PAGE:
the internet for a new spin on paper airplanes and found it. There is
a small power unit now sold for less than $15 dollars made to mount
on a paper airplane. As long as you can fold a flyable plane, this
little motor and battery unit fits seamlessly into the main fold of
the plane and uses a small pusher propeller to power your paper
airplane through the sky.
I tried the “Powerup” paper airplane unit a few days ago. It required
nothing of me other than to design a good paper airplane and slide
the power unit into place. To let go of the plane and allow it to fly
where it wanted was the very freedom I sought. It was a voyage
without strings, nauseas or chance of death; a simple, windless,
sunny flight back in time.
I pulled up to Pennington Main to get coffee the other morning. This is either prelude to a day off spent doing my thing or a chance to load up on caffeine to bolster myself for work. Like always, the radio went to full static as I pulled up to the building. I had been listening to John Mellencamp’s “It’s a lonely old night” and I could not abide with the static and so slid into reverse and moved my truck the few feet it needed to detach static from song. I sat there, finished my song and thought.
First off, I thought about how good that music was and how delicious is the moment before you get really good coffee. I let my mind go into one of those nice little moments of introspection. This was a perfect time of clarity as I allowed my mind drift into one of the quiet corners of my mind in a search for deeper meaning and inspiration.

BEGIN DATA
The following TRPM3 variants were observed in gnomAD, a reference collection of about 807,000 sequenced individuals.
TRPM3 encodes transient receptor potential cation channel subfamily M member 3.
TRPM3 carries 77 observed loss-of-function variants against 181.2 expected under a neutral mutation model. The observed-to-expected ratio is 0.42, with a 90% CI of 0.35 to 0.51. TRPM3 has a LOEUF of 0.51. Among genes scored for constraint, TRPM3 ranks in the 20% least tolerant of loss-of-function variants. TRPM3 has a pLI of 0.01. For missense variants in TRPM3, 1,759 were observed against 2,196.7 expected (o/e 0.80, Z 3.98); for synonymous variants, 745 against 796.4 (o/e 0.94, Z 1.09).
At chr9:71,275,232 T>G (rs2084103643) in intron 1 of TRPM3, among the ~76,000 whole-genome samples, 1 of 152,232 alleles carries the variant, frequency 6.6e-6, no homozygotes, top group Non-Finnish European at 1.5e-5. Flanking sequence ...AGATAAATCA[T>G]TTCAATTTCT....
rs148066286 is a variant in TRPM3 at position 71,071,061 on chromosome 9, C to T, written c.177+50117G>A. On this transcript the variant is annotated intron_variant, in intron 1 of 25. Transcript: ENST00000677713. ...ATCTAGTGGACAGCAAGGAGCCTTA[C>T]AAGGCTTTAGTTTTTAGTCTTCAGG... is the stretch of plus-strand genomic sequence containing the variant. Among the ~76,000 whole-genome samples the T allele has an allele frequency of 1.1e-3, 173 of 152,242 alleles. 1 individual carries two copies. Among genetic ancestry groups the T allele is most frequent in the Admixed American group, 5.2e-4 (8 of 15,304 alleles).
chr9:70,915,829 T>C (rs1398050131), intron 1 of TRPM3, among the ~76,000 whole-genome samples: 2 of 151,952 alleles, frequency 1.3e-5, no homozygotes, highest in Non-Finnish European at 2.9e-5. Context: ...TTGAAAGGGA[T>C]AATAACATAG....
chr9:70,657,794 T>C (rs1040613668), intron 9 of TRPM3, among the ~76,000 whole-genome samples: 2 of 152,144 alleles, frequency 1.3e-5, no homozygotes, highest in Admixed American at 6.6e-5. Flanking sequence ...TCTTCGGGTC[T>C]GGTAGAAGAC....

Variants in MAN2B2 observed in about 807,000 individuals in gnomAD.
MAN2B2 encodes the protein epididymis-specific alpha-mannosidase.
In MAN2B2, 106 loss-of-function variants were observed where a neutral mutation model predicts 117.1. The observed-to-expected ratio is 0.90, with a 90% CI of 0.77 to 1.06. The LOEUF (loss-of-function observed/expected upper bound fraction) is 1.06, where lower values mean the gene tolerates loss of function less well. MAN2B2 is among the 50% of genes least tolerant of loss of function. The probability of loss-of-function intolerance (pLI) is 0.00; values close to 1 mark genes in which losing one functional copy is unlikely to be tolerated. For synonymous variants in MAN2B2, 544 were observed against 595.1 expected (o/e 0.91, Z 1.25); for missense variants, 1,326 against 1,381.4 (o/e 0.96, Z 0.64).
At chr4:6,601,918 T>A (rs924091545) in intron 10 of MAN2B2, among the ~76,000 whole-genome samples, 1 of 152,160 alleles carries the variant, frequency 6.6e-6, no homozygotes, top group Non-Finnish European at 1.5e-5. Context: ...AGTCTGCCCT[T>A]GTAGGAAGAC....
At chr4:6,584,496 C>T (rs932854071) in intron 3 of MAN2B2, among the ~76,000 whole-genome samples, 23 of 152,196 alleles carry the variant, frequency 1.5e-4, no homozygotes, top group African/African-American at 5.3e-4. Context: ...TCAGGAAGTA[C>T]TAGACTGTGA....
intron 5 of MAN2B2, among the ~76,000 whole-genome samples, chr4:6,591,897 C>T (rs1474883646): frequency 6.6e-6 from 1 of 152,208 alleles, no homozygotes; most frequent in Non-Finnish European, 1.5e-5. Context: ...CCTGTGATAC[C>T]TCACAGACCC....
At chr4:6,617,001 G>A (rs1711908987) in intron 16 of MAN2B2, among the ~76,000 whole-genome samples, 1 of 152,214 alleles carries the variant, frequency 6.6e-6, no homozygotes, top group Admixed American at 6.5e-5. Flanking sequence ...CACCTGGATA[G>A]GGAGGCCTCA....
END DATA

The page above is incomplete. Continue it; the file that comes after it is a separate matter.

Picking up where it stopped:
I thought about the people I’ve met. It occurred to me how the ones who demand to be addressed as “Mister” or “Sir” or “Mam” rarely deserve the respect of either title. Meanwhile, the folks I would like to give respect are too busy living the life that inspires respect to really spend the time to receive my reverence. The good people don’t need words to acknowledge their high-character; they see it in the mirror every morning. Meanwhile those “other” folks need to be told lies, right to their face.
I thought about what it means to be an elected official. It seems to me that local government is in the news way too often. It is rare that a well-managed engine makes much noise and this engine of government makes constant noise. Perhaps if those who run for elected office saw it as a position of responsibility instead of a position of authority they would be better at what they do. Too often, the elected see their position as a shiny bead to be traded for their own selfish needs. I see some old men puffing up to demand “respect” when the status quo is questioned and it makes me think we are close to meaningful change.
Another little blip of insight came through as I took a pre-coffee pause; I don’t want money, I want a life. If it comes down to greed versus love, I want my love to win. I am tired of money’s use as the yardstick of success and worth. I truly admire those who sacrifice of themselves for their family. However, I think I would rather make myself happy with what is already at hand; my wife, my family, my friends, our cats. I don’t want money as much as I want lifestyle.
The John Mellencamp song got done. The static still wasn’t there but the song that played could have used static. My momentous clarity was gone and I had to be satisfied with what I’d received. Besides, I needed coffee; and I had to go to work.